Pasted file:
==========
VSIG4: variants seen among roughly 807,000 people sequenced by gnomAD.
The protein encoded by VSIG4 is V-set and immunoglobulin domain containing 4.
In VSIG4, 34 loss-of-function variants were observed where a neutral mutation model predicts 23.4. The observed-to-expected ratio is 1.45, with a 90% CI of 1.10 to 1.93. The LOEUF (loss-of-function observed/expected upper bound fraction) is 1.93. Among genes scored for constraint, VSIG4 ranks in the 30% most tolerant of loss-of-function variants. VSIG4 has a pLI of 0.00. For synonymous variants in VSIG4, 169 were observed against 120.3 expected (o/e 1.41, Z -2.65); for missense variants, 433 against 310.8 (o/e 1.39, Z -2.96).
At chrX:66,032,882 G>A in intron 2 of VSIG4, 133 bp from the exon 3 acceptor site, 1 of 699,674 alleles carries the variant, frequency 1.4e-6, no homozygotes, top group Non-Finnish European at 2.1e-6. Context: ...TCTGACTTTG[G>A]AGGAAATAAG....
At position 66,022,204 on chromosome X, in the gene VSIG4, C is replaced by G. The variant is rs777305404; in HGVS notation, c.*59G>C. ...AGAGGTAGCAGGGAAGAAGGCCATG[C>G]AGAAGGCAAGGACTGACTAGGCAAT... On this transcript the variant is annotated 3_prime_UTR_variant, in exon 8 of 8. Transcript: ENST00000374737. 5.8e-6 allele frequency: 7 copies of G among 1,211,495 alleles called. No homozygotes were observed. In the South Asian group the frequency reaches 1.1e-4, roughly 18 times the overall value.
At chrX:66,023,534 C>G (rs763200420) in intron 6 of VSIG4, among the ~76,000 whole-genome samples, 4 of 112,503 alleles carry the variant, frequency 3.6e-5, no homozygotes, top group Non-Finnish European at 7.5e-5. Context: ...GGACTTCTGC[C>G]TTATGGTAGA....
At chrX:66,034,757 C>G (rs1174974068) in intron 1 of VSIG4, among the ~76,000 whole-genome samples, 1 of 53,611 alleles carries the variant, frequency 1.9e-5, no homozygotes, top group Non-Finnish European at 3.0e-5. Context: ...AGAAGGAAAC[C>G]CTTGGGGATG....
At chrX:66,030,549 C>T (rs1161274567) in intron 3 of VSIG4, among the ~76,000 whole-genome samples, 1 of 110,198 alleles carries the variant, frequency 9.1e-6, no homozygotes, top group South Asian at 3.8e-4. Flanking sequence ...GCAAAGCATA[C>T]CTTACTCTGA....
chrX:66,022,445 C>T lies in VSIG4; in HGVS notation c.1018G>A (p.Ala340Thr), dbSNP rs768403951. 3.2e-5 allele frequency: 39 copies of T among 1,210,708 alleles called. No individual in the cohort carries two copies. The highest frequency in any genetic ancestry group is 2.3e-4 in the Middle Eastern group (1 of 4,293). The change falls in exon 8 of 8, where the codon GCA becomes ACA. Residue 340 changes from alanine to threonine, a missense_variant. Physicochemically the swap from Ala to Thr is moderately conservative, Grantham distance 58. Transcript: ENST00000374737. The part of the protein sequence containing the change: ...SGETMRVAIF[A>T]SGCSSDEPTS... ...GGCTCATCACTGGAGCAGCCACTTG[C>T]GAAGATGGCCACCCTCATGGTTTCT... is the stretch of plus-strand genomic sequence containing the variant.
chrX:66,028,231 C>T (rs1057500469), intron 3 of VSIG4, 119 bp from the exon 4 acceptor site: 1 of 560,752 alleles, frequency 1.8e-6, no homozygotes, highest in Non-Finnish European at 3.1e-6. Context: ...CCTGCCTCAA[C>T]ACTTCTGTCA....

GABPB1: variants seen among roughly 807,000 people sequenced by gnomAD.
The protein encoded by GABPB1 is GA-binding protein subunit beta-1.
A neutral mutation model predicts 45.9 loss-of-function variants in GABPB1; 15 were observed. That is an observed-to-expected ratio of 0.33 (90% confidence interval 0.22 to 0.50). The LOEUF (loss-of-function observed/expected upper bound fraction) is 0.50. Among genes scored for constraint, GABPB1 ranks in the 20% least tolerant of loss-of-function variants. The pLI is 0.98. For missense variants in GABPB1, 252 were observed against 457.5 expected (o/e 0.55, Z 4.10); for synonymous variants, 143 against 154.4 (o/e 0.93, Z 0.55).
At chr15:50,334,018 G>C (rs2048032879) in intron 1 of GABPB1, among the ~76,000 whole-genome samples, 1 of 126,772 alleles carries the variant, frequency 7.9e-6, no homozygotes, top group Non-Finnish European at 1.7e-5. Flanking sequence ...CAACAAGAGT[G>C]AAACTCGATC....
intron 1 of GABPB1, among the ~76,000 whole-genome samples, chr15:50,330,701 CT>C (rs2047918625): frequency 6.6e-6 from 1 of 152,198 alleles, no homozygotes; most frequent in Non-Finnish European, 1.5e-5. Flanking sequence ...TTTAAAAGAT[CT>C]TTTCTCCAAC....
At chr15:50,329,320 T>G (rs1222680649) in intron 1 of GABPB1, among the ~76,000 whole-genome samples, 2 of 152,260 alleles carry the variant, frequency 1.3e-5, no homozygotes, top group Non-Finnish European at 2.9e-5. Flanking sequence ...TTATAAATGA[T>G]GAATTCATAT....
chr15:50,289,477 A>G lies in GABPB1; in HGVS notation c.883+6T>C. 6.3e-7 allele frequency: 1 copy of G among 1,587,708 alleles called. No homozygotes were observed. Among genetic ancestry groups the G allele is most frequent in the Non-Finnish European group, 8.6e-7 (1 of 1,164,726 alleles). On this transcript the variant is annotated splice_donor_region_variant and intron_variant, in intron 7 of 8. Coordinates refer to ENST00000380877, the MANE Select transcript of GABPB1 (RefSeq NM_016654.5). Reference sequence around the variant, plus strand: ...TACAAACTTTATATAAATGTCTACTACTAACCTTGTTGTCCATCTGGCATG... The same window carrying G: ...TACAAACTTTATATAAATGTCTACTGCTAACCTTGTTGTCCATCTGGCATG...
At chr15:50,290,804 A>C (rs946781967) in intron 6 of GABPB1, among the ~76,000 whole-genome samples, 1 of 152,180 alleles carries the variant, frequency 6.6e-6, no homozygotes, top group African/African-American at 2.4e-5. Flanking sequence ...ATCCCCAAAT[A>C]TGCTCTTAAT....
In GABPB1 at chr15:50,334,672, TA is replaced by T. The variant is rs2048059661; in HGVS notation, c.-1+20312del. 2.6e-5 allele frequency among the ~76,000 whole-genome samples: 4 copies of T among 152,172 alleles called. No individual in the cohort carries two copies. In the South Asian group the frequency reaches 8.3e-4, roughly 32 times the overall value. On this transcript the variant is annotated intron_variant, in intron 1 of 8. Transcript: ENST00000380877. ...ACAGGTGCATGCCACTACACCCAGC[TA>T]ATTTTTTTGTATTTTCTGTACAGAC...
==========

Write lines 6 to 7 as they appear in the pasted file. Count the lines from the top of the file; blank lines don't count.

At chrX:66,023,534 C>G (rs763200420) in intron 6 of VSIG4, among the ~76,000 whole-genome samples, 4 of 112,503 alleles carry the variant, frequency 3.6e-5, no homozygotes, top group Non-Finnish European at 7.5e-5. Context: ...GGACTTCTGC[C>G]TTATGGTAGA....
At chrX:66,034,757 C>G (rs1174974068) in intron 1 of VSIG4, among the ~76,000 whole-genome samples, 1 of 53,611 alleles carries the variant, frequency 1.9e-5, no homozygotes, top group Non-Finnish European at 3.0e-5. Context: ...AGAAGGAAAC[C>G]CTTGGGGATG....